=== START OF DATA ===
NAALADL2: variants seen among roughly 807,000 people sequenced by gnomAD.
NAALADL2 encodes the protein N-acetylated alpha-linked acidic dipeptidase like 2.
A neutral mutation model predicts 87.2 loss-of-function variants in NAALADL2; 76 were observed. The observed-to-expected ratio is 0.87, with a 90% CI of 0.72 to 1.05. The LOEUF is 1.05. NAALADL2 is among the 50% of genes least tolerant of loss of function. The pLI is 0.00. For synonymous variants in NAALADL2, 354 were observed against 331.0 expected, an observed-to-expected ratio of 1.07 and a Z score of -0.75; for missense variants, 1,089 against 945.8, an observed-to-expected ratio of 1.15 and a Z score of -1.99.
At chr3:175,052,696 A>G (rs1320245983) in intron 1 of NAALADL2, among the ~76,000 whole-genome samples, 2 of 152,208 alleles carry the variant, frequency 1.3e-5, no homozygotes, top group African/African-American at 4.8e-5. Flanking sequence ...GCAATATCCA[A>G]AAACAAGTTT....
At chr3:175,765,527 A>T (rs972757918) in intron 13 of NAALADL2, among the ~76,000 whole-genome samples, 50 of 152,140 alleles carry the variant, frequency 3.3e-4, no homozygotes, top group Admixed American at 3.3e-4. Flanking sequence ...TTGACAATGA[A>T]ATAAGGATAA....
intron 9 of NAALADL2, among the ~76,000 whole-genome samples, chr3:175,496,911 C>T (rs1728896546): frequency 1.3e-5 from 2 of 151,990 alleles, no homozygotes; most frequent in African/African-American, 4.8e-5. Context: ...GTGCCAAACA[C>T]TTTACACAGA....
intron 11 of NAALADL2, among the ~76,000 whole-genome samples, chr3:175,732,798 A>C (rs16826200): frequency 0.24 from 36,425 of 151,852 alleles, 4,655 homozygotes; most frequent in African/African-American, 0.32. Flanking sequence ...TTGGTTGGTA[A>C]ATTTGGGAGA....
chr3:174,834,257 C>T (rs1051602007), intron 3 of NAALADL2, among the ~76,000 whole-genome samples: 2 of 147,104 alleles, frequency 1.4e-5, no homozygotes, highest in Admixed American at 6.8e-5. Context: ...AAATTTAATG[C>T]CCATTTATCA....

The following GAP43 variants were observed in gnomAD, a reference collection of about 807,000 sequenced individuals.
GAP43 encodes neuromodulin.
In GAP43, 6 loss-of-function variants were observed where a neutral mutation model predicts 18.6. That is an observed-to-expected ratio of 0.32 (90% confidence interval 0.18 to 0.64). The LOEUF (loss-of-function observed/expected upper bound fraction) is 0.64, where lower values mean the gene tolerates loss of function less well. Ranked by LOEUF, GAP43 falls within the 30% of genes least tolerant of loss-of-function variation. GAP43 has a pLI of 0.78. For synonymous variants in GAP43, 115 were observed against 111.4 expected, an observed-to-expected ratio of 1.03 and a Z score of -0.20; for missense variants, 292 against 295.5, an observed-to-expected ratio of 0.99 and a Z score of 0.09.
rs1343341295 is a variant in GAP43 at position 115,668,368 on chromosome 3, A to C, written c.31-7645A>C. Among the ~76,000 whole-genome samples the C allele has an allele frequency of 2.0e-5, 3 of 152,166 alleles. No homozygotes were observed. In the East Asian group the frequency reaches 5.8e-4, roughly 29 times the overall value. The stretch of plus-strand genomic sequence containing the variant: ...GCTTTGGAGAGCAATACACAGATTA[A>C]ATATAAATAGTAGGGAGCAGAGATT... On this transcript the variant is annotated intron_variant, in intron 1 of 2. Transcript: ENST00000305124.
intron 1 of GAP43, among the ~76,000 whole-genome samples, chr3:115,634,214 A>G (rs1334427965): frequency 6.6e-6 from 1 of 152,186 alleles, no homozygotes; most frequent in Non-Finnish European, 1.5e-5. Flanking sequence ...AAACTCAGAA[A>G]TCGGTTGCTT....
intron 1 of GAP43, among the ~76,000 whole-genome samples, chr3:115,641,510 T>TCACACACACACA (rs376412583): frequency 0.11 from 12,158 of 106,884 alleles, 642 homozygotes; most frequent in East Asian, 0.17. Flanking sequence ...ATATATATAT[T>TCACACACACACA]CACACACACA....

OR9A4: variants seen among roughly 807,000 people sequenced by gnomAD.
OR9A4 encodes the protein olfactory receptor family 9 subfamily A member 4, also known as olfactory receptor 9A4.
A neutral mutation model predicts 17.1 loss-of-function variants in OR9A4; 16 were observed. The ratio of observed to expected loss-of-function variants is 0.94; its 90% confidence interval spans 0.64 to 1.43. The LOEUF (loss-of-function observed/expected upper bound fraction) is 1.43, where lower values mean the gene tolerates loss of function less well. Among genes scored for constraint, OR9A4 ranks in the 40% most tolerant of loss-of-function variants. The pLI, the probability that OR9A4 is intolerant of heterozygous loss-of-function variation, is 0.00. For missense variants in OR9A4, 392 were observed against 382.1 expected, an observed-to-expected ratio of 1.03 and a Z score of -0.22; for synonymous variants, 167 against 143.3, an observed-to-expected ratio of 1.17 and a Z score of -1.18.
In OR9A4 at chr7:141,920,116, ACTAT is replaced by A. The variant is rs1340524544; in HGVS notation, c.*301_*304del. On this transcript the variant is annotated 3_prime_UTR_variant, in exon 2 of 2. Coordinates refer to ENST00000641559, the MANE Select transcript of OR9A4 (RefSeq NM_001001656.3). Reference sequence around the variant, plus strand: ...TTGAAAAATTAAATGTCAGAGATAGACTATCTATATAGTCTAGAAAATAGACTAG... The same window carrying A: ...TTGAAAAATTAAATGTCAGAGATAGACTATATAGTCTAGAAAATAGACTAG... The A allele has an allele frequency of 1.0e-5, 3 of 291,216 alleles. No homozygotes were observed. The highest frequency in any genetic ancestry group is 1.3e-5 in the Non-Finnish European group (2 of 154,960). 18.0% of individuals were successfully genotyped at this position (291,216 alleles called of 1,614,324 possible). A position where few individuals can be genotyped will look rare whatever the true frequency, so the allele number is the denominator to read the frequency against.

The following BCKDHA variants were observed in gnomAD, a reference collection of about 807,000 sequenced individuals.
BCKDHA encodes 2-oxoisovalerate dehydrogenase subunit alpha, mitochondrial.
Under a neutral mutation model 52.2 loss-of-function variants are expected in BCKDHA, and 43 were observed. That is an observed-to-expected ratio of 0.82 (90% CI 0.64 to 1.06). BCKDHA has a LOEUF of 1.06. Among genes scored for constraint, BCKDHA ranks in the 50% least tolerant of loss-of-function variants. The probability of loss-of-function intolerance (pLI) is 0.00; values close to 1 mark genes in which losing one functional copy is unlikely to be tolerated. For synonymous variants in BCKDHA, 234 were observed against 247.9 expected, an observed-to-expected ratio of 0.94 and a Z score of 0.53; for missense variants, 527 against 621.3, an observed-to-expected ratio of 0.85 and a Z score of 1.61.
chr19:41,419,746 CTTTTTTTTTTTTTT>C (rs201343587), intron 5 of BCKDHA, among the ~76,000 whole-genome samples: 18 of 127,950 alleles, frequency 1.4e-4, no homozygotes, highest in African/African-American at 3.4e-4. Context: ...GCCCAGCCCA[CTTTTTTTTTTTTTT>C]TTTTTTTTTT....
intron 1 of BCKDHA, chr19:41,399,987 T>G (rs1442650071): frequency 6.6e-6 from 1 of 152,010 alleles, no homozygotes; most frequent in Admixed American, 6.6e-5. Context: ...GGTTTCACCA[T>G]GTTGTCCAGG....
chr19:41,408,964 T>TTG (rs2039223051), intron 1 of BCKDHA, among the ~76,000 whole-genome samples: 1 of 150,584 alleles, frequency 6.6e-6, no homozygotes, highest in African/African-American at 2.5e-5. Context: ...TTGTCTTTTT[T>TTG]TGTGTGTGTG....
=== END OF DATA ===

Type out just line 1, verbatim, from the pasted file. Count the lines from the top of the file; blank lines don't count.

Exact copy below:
NAALADL2: variants seen among roughly 807,000 people sequenced by gnomAD.